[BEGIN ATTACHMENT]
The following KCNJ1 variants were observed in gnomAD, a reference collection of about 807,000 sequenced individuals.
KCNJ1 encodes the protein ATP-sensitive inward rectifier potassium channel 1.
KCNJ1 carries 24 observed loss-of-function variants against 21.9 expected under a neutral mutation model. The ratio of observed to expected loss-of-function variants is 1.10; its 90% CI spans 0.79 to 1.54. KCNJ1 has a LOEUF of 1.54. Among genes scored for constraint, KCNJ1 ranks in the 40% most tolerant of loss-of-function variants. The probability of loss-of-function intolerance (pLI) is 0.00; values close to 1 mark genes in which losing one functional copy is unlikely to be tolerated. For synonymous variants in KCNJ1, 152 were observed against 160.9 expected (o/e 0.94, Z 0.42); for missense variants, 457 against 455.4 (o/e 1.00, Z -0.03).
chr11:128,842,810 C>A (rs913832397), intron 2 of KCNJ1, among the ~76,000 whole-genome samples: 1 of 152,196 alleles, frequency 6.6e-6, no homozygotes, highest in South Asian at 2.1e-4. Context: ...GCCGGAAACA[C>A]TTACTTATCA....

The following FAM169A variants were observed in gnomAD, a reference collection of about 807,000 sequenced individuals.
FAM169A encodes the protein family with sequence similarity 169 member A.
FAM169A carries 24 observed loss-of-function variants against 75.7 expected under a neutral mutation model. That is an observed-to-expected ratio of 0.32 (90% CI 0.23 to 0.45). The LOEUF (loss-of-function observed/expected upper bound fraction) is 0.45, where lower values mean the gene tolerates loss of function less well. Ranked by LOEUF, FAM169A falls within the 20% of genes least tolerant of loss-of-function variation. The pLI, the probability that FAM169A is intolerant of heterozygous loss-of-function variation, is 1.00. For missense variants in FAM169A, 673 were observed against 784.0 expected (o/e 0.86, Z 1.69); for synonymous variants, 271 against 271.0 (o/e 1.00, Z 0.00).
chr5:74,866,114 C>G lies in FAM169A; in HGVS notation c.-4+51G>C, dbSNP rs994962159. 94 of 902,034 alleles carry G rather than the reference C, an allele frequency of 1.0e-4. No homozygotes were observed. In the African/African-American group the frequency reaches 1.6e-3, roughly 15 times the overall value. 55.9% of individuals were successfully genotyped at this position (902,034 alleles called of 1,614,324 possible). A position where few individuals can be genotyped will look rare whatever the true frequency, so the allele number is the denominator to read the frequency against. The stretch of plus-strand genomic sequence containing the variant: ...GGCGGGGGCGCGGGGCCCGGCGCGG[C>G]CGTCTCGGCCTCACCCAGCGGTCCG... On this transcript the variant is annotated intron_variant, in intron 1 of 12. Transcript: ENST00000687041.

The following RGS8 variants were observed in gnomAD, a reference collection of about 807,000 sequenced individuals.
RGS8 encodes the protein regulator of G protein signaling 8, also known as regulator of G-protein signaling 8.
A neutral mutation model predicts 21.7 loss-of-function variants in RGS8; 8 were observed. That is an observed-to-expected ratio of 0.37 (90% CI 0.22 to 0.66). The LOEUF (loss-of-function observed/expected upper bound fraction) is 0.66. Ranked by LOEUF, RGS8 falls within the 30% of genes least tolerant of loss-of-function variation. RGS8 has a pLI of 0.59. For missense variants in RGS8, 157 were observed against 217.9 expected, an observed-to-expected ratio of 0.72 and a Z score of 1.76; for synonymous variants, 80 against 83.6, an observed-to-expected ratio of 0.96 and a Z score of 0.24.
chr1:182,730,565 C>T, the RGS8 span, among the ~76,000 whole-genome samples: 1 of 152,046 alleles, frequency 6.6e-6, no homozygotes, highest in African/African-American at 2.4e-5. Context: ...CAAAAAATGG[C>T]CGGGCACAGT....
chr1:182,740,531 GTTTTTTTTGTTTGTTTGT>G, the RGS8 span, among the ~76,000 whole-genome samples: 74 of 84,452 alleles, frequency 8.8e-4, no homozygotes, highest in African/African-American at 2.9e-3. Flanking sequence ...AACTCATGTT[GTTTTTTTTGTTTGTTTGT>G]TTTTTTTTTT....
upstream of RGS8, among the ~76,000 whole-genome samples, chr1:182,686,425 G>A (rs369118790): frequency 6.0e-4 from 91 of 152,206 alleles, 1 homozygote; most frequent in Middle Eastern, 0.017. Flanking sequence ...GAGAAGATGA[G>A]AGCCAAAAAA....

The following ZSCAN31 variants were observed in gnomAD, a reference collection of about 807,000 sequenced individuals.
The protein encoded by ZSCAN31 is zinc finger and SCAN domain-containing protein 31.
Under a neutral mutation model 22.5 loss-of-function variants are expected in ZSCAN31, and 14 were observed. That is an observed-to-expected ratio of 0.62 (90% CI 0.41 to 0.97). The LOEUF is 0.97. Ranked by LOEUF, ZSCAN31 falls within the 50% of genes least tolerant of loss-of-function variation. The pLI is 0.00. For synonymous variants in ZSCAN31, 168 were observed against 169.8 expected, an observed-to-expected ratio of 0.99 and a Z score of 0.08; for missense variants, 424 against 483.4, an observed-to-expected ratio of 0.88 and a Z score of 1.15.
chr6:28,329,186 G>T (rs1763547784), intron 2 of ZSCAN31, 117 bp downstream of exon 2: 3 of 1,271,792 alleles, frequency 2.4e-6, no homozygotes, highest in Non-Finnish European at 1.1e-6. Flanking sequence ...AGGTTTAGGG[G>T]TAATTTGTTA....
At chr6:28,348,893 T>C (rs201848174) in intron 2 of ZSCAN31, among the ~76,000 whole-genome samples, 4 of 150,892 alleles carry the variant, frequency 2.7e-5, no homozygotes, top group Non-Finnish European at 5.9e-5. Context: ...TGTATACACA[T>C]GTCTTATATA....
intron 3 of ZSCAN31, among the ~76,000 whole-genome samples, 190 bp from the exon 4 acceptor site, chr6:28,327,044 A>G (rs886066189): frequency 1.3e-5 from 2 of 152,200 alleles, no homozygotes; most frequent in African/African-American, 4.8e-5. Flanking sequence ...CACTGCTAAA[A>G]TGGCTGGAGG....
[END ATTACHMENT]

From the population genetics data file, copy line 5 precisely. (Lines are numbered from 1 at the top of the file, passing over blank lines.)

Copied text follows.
The following FAM169A variants were observed in gnomAD, a reference collection of about 807,000 sequenced individuals.